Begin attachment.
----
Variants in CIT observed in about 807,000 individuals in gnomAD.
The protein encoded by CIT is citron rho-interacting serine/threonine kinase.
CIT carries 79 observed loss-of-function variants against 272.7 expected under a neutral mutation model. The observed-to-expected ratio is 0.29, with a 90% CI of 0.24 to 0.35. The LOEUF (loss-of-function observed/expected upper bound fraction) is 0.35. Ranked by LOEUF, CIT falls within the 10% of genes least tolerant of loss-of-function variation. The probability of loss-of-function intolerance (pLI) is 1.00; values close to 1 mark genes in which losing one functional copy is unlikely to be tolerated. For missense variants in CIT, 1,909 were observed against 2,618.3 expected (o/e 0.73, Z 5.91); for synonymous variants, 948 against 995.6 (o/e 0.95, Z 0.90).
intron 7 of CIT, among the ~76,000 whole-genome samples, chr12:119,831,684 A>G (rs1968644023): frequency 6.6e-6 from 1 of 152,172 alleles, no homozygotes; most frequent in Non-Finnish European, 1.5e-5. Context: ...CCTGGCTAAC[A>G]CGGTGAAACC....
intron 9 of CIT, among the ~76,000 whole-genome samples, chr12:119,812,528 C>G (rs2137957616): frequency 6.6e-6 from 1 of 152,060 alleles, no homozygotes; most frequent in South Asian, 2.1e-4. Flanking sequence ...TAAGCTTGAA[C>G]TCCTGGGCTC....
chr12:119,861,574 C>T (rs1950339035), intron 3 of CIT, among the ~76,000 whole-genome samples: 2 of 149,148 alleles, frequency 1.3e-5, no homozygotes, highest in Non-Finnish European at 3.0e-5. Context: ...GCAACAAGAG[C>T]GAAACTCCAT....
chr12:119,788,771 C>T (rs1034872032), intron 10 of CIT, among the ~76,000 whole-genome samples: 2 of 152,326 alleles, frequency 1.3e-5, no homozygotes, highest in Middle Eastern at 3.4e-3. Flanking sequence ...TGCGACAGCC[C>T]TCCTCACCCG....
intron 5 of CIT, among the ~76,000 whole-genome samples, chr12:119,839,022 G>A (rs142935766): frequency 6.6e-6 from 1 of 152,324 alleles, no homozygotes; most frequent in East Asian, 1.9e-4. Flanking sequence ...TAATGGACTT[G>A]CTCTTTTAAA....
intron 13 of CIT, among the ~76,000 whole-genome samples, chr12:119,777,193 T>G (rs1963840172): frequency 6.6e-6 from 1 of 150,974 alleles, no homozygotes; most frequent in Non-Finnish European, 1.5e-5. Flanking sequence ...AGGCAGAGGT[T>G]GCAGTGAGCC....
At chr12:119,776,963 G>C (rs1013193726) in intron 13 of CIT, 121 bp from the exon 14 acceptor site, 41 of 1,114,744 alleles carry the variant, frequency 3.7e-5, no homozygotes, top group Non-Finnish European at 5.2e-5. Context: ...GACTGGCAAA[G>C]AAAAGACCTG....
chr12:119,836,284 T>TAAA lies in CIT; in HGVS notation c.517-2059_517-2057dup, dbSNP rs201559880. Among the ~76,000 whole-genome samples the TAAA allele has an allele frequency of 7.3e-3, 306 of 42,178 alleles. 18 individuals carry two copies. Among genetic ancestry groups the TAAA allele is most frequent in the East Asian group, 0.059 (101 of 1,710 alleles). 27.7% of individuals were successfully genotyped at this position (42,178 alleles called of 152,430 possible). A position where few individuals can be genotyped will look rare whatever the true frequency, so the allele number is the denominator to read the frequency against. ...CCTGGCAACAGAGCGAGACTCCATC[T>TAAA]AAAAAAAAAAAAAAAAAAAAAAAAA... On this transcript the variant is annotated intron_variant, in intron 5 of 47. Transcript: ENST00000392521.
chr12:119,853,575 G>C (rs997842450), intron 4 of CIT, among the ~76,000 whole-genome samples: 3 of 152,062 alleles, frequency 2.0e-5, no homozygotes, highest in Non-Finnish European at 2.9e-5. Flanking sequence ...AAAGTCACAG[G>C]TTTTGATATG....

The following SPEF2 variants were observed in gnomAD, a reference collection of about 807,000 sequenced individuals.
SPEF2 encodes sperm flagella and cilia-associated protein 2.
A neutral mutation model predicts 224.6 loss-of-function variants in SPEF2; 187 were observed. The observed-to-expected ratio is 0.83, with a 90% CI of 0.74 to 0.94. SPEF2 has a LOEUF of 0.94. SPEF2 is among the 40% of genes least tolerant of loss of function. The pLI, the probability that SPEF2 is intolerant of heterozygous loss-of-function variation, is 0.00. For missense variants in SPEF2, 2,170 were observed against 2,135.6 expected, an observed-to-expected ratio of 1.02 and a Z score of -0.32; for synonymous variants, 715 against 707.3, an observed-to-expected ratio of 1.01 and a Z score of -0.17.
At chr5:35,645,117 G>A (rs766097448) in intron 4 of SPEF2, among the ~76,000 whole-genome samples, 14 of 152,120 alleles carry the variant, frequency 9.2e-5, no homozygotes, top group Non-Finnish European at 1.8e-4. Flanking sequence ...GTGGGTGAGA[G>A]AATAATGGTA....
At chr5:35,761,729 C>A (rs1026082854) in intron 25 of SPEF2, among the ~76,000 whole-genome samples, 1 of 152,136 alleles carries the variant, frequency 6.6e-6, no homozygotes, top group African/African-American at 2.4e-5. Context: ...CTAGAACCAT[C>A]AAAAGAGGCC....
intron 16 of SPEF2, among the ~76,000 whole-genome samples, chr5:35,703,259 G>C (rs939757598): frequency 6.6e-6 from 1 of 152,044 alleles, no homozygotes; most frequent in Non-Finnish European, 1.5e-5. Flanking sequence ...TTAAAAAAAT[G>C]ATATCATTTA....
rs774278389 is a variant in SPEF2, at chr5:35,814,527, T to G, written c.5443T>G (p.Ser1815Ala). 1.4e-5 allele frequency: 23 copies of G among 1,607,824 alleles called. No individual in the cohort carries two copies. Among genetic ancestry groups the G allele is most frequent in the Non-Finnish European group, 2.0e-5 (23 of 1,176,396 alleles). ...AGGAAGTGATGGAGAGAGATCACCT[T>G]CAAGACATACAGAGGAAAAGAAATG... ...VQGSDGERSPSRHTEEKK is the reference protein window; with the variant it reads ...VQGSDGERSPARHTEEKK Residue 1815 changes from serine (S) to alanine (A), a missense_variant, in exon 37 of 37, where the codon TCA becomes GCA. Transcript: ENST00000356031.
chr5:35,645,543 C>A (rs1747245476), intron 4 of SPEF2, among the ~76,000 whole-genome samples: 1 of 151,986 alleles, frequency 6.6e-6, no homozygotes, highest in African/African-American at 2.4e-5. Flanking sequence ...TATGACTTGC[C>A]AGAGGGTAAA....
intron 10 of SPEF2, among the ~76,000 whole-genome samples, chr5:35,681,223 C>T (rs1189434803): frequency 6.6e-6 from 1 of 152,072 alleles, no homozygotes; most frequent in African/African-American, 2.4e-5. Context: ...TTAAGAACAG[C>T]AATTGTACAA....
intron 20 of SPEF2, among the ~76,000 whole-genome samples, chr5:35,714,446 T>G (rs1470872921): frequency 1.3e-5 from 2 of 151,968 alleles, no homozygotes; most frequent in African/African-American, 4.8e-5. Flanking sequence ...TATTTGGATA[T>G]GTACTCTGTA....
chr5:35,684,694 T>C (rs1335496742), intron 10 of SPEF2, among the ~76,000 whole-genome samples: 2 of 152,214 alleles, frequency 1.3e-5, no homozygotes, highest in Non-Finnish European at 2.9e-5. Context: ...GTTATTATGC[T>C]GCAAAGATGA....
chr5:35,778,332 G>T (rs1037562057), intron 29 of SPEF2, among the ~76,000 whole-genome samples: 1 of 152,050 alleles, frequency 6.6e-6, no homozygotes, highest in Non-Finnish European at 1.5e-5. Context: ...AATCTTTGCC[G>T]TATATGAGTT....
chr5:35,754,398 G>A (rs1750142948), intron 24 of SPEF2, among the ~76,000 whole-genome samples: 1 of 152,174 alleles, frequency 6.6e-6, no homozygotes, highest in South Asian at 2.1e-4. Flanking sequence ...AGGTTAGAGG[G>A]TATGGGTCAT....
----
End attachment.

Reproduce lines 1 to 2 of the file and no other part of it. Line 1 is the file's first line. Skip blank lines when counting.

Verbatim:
Variants in CIT observed in about 807,000 individuals in gnomAD.
The protein encoded by CIT is citron rho-interacting serine/threonine kinase.